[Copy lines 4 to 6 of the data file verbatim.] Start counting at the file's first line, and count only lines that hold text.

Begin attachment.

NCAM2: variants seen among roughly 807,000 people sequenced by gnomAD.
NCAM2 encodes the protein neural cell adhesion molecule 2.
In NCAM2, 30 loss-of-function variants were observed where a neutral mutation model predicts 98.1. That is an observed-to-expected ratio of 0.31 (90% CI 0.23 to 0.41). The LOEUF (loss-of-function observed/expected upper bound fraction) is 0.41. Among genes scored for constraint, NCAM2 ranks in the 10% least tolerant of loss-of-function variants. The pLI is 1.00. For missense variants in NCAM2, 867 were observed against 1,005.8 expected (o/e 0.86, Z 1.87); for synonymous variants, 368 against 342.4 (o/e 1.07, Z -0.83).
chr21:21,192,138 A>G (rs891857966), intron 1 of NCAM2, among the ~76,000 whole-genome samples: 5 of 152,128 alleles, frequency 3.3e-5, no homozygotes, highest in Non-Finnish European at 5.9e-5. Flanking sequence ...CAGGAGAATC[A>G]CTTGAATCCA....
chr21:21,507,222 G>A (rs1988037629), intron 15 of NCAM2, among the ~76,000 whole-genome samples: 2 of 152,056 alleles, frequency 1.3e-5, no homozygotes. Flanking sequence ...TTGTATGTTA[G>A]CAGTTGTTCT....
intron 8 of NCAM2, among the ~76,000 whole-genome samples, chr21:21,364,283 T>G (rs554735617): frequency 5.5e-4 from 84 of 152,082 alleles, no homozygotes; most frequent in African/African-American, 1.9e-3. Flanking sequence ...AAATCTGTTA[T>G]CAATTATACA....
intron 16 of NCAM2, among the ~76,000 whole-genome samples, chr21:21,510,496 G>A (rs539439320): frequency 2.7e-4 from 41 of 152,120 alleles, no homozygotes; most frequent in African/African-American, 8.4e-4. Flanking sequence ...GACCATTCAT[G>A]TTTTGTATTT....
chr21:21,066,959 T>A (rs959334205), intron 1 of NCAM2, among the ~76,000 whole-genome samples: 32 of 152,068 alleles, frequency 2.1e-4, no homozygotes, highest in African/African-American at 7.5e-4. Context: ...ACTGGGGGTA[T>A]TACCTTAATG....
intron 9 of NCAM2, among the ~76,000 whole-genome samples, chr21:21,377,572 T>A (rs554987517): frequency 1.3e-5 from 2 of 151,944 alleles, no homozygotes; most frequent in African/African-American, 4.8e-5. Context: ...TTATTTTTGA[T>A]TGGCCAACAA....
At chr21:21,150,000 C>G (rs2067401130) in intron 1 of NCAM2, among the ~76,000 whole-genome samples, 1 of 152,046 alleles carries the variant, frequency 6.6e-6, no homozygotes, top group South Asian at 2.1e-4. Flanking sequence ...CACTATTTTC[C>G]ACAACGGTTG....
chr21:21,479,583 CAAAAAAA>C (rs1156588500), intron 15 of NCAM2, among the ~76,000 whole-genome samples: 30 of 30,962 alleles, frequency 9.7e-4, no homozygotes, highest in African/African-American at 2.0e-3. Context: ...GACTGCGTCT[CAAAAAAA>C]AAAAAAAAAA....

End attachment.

chr21:21,192,138 A>G (rs891857966), intron 1 of NCAM2, among the ~76,000 whole-genome samples: 5 of 152,128 alleles, frequency 3.3e-5, no homozygotes, highest in Non-Finnish European at 5.9e-5. Flanking sequence ...CAGGAGAATC[A>G]CTTGAATCCA....
chr21:21,507,222 G>A (rs1988037629), intron 15 of NCAM2, among the ~76,000 whole-genome samples: 2 of 152,056 alleles, frequency 1.3e-5, no homozygotes. Flanking sequence ...TTGTATGTTA[G>A]CAGTTGTTCT....
intron 8 of NCAM2, among the ~76,000 whole-genome samples, chr21:21,364,283 T>G (rs554735617): frequency 5.5e-4 from 84 of 152,082 alleles, no homozygotes; most frequent in African/African-American, 1.9e-3. Flanking sequence ...AAATCTGTTA[T>G]CAATTATACA....